The dangers of letting both your emotions and predictions/forecasts influence investment decisions are real. Often, your feelings will provide exactly the wrong guide to appropriate action.

But if you aren’t to rely on feelings and/or forecasts, how do you make investment decisions? One approach, that we favour, is to determine an appropriate risk exposure or asset allocation for you, based on:

Your attitude for risk;

Your need for risk; and

Your capacity for risk.


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At the highest level, this first requires choosing a target mix of defensive (i.e. cash, fixed interest) and growth assets (i.e. domestic and international shares, property). For example, a retiree may choose a 50% defensive/50% growth allocation, that is then built using the various asset classes. For purposes of this article, we assume the retiree’s portfolio (the “Diversified 50/50″ Portfolio) is structured as follows:

Each quarter, the portfolio is reviewed and rebalanced to the target allocations. This is done mechanically, regardless of current investment market conditions and pundits’ forecasts.

An alternative approach is to use one of the countless variations of trend following or market timing systems. Based on historical performance, a decision making system is constructed to provide signals regarding when to enter the share market (and exit cash) or vice versa. The aim is to have you out of shares when they are trending strongly downward and fully invested when they are trending strongly upward.

For illustrative purposes, we examine a system (the “Market Timing” Portfolio) that has the following rules:

Whenever the return on Australian shares falls below zero for the previous three months, hold all investments in cash; and

Whenever the return on Australian shares is above zero for the previous three months, hold all investments as shares.

Again, the signals are acted upon, regardless of feelings and forecasts.

The chart below shows the experience for both approaches, as well as that for cash and Australian shares, for the period examined in our previous article i.e. January 2008 – January 2014:

Based on this, it’s tempting to conclude that market timing is a pretty good way to go. And while the diversified approach was a lot less volatile than shares, all cash was a better alternative than both for the entire period.

Market timing has high transaction costs and requires high involvement

But such conclusions don’t take account of some practicalities of implementing the market timing approach and may not hold across all time periods.

Looking at practicalities first, to achieve the charted market timing result required fifteen switches from cash to shares or vice versa over the six year period. Transaction costs must be borne on the total amount invested, for each switch. In addition, because cash needs to be available at short notice to invest in shares, it won’t earn best available interest rates.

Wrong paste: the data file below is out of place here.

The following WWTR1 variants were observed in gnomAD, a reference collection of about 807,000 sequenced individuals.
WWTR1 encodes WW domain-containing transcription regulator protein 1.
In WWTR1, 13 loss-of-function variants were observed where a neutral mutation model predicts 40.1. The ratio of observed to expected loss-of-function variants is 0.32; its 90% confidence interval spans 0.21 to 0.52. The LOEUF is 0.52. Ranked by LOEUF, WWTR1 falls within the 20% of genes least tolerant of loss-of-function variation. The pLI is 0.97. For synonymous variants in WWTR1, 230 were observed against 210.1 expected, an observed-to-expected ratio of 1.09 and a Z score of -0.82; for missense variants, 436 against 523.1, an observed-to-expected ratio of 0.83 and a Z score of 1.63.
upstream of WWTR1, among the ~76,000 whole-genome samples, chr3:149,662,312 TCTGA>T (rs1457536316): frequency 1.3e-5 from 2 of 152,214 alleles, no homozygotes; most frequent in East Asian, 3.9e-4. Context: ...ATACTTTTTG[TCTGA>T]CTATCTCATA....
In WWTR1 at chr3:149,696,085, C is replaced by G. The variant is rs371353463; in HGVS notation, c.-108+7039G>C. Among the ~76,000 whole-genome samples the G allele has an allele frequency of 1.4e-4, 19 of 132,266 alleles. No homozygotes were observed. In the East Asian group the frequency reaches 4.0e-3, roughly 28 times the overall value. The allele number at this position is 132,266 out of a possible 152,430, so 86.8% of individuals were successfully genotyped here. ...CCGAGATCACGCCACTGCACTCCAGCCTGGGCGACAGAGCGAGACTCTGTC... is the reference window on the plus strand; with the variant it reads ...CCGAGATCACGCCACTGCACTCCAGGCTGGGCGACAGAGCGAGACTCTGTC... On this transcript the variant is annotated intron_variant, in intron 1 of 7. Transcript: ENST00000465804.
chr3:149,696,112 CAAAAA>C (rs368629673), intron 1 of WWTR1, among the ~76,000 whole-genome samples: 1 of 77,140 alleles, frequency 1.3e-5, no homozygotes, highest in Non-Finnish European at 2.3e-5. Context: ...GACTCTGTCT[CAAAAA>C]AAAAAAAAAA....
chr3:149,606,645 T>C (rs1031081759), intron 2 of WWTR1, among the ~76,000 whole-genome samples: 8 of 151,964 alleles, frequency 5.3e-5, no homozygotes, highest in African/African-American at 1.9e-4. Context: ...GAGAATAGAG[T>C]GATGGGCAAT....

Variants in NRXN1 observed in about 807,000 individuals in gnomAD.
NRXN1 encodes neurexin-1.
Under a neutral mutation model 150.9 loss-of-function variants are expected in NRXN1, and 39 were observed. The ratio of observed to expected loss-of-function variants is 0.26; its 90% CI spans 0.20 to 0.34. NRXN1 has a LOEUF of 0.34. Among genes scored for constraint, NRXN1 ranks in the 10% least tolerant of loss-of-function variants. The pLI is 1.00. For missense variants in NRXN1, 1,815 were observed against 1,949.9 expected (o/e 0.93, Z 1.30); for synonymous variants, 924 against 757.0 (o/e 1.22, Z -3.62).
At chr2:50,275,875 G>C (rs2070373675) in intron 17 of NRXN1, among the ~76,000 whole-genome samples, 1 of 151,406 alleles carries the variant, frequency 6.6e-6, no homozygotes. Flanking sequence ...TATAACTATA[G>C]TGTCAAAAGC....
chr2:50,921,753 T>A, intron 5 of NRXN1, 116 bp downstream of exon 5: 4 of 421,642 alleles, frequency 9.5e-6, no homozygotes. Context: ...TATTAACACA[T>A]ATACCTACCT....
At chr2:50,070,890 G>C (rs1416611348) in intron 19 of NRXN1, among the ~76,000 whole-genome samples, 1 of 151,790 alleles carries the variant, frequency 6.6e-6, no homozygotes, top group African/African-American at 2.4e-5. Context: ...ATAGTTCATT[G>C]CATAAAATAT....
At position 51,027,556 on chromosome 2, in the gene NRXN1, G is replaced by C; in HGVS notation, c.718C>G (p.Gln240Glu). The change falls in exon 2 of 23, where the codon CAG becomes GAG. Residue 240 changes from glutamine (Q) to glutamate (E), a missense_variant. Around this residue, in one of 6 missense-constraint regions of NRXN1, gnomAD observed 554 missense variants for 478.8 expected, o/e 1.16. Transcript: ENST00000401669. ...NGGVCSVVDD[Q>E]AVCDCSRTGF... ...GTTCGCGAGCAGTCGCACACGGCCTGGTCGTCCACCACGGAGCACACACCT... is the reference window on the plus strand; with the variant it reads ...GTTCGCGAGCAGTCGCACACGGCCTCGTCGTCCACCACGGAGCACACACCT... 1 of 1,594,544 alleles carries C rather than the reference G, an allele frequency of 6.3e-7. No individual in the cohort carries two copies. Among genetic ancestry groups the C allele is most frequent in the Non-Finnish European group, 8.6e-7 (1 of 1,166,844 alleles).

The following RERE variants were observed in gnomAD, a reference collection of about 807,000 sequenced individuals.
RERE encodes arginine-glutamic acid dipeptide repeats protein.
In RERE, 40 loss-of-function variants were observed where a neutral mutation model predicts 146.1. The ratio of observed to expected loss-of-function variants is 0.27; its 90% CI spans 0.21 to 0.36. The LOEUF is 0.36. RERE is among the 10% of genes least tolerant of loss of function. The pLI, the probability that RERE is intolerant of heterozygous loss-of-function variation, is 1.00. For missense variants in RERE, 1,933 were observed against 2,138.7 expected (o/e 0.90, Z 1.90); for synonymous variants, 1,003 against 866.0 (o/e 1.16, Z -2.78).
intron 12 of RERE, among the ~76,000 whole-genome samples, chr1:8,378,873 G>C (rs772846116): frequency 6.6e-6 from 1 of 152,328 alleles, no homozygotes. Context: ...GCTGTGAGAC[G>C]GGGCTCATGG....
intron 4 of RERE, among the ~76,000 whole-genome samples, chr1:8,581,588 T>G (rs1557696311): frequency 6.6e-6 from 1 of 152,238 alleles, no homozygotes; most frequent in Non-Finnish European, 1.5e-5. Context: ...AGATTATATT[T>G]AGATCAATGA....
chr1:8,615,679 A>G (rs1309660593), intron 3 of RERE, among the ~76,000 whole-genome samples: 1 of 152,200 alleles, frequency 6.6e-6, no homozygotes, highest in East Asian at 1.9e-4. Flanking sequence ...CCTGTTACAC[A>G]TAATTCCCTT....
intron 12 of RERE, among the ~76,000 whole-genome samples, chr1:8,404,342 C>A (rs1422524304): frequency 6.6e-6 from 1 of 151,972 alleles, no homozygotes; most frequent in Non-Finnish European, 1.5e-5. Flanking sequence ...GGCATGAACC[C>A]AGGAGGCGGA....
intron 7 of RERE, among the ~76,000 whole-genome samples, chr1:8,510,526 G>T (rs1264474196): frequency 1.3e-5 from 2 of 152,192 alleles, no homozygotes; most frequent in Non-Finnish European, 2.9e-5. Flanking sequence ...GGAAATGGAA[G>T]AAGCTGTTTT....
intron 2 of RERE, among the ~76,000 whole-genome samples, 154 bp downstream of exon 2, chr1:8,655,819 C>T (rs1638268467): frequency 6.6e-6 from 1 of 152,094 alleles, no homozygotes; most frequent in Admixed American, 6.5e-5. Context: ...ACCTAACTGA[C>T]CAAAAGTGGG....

To allow for these realities, we have assumed each switch attracts transaction costs of 0.25% on the total investment amount and that cash earns 1% p.a. less than the bank bill rate. The adjusted chart below reveals that these “frictions” reduce the benefit of the approach.

Also, unless the portfolio is being managed in a tax free environment (e.g. the over 60, pension stage of superannuation), tax will place a further handbrake on the strategy. Because of the frequent switching of the portfolio, most gains will be taxed at the relevant regular income tax rate rather than deferred indefinitely or, at least, eligible for the concessional treatment provided for capital gains on assets held more than 12 months.

The approach also requires diligent monitoring of the share market and the discipline to react quickly and in accord with each signal. This is harder than it may appear as the required action may not always sit well with our feelings.

Like most market timing systems, our simple system’s effectiveness relies on the share market trending for extended periods, either up or down. Should the market oscillate, with little trend, transaction costs can weigh heavily.

Market behavior over the January 2008 – January 2014 period may have been atypically favourable to the system. Longer run data, charted logarithmically (i.e. proportionality preserved) below, for the period April 1982 – January 2008, doesn’t show such a positive picture:

For all the constant monitoring and switching, the timing portfolio underperformed (even before taxes are taken into account) the diversified portfolio, but with much more volatility. It significantly underperformed an all Australian share portfolio.

The following chart examines the trade-off between risk (as measured by standard deviation) and return for the portfolio alternatives:

In the parlance of financial economics, the market timing portfolio looks very inefficient and sits well below the efficient frontier, represented by the red dashed line.

No feeling, no forecasting investing will set you “free”

While we believe an investment strategy based on managing to a target risk exposure is both theoretically and practically superior to any sort of market timing approach, the benefit of both is that strict implementation provides no place for either:

what you feel about the current state of the world; or

what you, or anybody else, thinks about the future.

For most people, giving up the need to refer to feelings or forecasts when making investment decisions is almost like giving up an addiction. Once “clean”, however, it’s like having a load lifted off your shoulders. Investment can take its rightful place in your life – a means to an end, rather than a constant source of anxiety and, for many, a sense of inadequacy.